Dr Jane Wardle, director of the Health Behaviour Unit at University College London, and colleagues asked the parents of 5,390 pairs of identical and non-identical twins to complete a questionnaire on the willingness of their children to try new foods.
Identical twins, who share all genes, were much more likely to respond the same way to new foods than non-identical twins, who, like other siblings, only share about half their genes.
Researchers of the study, published in this month’s American Journal of Clinical Nutrition, concluded that genetics played a greater role in determining eating preferences than environment.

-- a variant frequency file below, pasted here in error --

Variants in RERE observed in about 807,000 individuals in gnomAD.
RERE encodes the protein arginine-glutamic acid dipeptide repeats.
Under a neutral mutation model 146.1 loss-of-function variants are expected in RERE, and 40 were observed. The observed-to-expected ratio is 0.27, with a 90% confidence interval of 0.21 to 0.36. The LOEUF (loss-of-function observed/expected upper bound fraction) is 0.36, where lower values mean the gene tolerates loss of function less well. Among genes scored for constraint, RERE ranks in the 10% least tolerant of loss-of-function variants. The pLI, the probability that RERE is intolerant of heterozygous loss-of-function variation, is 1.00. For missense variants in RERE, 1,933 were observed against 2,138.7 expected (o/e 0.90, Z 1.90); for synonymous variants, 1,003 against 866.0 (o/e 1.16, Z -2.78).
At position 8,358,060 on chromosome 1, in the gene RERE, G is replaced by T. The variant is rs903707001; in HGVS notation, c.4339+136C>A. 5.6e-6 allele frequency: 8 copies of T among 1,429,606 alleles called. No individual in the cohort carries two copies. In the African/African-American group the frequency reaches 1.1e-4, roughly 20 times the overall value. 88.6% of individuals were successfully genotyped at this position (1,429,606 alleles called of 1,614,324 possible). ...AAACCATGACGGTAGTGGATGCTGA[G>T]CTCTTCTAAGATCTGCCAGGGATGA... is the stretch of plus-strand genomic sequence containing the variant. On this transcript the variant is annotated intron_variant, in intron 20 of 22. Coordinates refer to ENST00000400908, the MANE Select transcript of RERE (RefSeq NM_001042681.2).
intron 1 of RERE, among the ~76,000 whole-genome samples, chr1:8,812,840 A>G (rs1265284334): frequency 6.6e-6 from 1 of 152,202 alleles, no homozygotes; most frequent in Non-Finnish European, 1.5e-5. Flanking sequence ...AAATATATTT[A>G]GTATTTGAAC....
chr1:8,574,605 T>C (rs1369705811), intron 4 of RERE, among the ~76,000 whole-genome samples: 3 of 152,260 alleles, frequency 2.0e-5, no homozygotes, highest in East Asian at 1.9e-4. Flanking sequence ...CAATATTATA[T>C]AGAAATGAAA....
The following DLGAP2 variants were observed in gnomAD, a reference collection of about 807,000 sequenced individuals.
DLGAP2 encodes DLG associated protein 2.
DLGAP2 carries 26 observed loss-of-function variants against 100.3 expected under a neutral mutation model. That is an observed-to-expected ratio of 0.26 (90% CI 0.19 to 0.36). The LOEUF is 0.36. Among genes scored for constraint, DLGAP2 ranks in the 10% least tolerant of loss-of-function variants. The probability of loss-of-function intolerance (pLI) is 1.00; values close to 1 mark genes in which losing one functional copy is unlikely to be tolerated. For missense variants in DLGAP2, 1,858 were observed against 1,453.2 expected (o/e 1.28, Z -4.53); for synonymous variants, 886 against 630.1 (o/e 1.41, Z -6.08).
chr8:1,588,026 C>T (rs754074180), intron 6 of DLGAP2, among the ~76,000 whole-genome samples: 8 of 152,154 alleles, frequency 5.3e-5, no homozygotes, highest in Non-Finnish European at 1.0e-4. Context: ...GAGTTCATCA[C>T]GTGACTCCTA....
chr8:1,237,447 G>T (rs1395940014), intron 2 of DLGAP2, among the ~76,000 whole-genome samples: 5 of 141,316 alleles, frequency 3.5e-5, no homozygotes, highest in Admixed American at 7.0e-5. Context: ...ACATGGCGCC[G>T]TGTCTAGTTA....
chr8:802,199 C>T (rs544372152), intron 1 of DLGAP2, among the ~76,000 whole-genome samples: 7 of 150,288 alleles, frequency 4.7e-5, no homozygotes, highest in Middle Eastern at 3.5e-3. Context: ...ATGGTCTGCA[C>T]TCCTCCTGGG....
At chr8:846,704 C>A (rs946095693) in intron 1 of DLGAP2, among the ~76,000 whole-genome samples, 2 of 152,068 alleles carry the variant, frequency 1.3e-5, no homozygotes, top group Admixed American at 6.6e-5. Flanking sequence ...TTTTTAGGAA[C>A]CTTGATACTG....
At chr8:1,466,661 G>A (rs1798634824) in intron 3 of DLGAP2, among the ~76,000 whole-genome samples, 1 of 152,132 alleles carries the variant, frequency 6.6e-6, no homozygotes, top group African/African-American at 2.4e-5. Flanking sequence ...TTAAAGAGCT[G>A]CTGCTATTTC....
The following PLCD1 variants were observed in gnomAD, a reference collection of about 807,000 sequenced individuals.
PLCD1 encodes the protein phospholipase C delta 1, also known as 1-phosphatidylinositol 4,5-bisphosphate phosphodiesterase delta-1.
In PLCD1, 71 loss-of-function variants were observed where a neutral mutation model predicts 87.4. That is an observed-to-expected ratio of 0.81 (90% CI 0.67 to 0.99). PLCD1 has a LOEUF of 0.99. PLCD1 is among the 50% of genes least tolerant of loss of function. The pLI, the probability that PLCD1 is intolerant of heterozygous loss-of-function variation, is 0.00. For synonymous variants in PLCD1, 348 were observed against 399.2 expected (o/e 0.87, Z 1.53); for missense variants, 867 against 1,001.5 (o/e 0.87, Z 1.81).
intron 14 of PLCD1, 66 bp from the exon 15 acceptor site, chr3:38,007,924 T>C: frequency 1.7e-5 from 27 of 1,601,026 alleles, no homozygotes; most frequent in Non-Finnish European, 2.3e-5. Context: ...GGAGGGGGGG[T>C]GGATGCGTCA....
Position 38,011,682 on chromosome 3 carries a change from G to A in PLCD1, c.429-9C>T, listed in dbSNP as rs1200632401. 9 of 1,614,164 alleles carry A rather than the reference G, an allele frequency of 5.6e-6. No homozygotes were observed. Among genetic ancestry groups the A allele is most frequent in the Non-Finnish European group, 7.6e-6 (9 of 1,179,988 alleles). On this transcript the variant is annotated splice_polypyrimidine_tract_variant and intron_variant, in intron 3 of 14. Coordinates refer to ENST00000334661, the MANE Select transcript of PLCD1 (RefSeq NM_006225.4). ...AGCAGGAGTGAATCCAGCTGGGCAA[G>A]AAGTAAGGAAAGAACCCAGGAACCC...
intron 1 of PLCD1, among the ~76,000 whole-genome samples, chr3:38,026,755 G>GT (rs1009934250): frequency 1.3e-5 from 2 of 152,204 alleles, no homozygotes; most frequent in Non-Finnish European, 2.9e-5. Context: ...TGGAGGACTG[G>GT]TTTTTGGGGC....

Dr Wardle said food preferences appeared “as inheritable a characteristic as height”.
“Your child’s genetic make-up is going to influence to a large extent how willing he or she is to eat new foods,” said Dr Marlene Schwartz, deputy director of the Rudd Centre for Food Policy and Obesity at Yale University.
Neophobia typically kicks in at age 2 or 3. While most grow out of the food fussiness by 5, not all do.